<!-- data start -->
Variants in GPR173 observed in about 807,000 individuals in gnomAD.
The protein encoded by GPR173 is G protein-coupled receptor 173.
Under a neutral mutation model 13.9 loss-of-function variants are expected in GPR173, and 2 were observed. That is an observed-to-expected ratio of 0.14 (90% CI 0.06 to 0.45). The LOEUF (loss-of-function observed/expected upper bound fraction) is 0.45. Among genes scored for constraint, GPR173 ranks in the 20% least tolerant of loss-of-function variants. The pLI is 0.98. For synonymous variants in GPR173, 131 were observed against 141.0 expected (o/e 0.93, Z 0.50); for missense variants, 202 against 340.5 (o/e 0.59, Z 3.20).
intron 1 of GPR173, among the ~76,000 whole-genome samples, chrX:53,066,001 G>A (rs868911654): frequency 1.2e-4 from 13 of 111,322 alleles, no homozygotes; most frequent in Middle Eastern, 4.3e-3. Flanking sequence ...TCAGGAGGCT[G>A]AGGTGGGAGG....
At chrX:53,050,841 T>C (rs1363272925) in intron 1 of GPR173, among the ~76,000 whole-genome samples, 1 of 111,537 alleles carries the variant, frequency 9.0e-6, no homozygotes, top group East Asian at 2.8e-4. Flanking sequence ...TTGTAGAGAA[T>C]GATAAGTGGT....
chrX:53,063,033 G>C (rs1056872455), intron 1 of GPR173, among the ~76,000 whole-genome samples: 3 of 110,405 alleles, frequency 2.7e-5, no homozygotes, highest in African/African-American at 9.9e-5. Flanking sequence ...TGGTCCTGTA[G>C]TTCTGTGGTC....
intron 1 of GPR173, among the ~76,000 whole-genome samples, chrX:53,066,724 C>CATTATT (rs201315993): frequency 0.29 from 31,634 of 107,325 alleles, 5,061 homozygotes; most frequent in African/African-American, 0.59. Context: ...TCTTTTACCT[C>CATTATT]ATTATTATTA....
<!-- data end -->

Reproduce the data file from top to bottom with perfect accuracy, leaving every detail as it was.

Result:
Variants in GPR173 observed in about 807,000 individuals in gnomAD.
The protein encoded by GPR173 is G protein-coupled receptor 173.
Under a neutral mutation model 13.9 loss-of-function variants are expected in GPR173, and 2 were observed. That is an observed-to-expected ratio of 0.14 (90% CI 0.06 to 0.45). The LOEUF (loss-of-function observed/expected upper bound fraction) is 0.45. Among genes scored for constraint, GPR173 ranks in the 20% least tolerant of loss-of-function variants. The pLI is 0.98. For synonymous variants in GPR173, 131 were observed against 141.0 expected (o/e 0.93, Z 0.50); for missense variants, 202 against 340.5 (o/e 0.59, Z 3.20).
intron 1 of GPR173, among the ~76,000 whole-genome samples, chrX:53,066,001 G>A (rs868911654): frequency 1.2e-4 from 13 of 111,322 alleles, no homozygotes; most frequent in Middle Eastern, 4.3e-3. Flanking sequence ...TCAGGAGGCT[G>A]AGGTGGGAGG....
At chrX:53,050,841 T>C (rs1363272925) in intron 1 of GPR173, among the ~76,000 whole-genome samples, 1 of 111,537 alleles carries the variant, frequency 9.0e-6, no homozygotes, top group East Asian at 2.8e-4. Flanking sequence ...TTGTAGAGAA[T>C]GATAAGTGGT....
chrX:53,063,033 G>C (rs1056872455), intron 1 of GPR173, among the ~76,000 whole-genome samples: 3 of 110,405 alleles, frequency 2.7e-5, no homozygotes, highest in African/African-American at 9.9e-5. Flanking sequence ...TGGTCCTGTA[G>C]TTCTGTGGTC....
intron 1 of GPR173, among the ~76,000 whole-genome samples, chrX:53,066,724 C>CATTATT (rs201315993): frequency 0.29 from 31,634 of 107,325 alleles, 5,061 homozygotes; most frequent in African/African-American, 0.59. Context: ...TCTTTTACCT[C>CATTATT]ATTATTATTA....